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Prioritising Digital Projects - Q&A

Last week, Peter Houston presented an InPublishing ‘Top Tips Webinar’, entitled ‘5 Top Tips To Help You Prioritise Your Digital Projects’. In the Q&A session that followed Peter’s presentation, we ran out of time before all the questions could be answered. Here, Peter provides a follow-up Q&A.

By Peter Houston

Q. How can we tempt advertisers who haven't yet put their trust in digital and who currently feel safer in print?

A. I think this is all about developing those relationships. With digital, you’re working to extend the reach of your publication, serving your audience across platforms. That’s a direct benefit for your advertisers, but it takes money and time and you’re asking them to invest in the development process and in your relationship. The worst thing to do is to position digital as a replacement for print; they trust you in print, why make them worry that it’s going away? Also, be as open as you can be and manage expectations; it’s not uncommon for people to get over excited with digital.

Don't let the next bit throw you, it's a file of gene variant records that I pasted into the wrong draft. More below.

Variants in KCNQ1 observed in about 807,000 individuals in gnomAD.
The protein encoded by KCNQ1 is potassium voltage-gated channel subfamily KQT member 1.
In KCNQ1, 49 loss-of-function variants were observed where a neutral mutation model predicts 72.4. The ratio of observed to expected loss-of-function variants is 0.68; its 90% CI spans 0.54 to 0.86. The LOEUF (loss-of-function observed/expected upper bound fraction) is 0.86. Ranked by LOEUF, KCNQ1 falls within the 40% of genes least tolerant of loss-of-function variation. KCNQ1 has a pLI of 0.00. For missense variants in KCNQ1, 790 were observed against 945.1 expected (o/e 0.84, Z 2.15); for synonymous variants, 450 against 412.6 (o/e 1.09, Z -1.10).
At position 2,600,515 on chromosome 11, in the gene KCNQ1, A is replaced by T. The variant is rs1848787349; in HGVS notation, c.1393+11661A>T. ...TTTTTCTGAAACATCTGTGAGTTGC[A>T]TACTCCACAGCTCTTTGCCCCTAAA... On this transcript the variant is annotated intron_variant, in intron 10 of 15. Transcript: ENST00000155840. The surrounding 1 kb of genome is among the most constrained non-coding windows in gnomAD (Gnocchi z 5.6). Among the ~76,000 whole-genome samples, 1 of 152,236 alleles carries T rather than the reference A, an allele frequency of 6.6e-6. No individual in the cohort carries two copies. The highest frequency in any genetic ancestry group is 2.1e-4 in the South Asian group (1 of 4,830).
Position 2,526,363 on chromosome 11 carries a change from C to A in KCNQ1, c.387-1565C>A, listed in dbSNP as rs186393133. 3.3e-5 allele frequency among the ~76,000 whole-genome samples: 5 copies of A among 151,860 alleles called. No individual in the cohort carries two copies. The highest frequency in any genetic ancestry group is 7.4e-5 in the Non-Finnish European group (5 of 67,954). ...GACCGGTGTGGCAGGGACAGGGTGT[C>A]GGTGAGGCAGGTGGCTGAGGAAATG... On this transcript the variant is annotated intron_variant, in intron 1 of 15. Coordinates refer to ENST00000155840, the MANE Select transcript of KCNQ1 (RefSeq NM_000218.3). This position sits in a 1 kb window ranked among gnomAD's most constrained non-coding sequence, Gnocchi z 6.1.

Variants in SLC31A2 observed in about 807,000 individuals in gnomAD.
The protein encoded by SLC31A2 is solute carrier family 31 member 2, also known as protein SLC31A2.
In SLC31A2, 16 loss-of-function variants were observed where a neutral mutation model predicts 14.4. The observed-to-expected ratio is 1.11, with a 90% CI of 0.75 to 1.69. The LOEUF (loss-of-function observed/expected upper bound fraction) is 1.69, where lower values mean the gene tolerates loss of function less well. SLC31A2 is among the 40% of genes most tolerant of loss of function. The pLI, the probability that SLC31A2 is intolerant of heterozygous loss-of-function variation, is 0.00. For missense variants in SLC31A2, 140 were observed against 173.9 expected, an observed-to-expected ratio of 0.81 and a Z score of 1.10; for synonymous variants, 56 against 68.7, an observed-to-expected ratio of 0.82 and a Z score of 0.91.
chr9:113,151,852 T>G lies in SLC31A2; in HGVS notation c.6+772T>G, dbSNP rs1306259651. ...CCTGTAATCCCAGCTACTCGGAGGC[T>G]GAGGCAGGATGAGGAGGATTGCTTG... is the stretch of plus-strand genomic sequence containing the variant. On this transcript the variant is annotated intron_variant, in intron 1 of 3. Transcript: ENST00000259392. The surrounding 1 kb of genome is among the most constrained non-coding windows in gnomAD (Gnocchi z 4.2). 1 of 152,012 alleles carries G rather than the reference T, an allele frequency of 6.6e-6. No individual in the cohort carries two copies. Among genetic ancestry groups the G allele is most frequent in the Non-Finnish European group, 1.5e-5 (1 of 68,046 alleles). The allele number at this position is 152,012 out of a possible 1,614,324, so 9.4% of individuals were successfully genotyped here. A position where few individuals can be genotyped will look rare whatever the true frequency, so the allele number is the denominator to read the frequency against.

Q. In your experience, which new digital products are delivering the best commercial returns for traditional print publishers?

A. Maybe not the sexiest, but probably newsletters. They’ve been around forever; I think people see them as safe, measurable, visible. The costs are very manageable - an automated email newsletter is pretty easy to set up, populate with content repurposed from other parts of the publishing operation, and place a variety of ad units. Newer personalisation and targeting technologies, even programmatic advertising, will add another level to email newsletters, bringing in more niche opportunities and broader network revenues.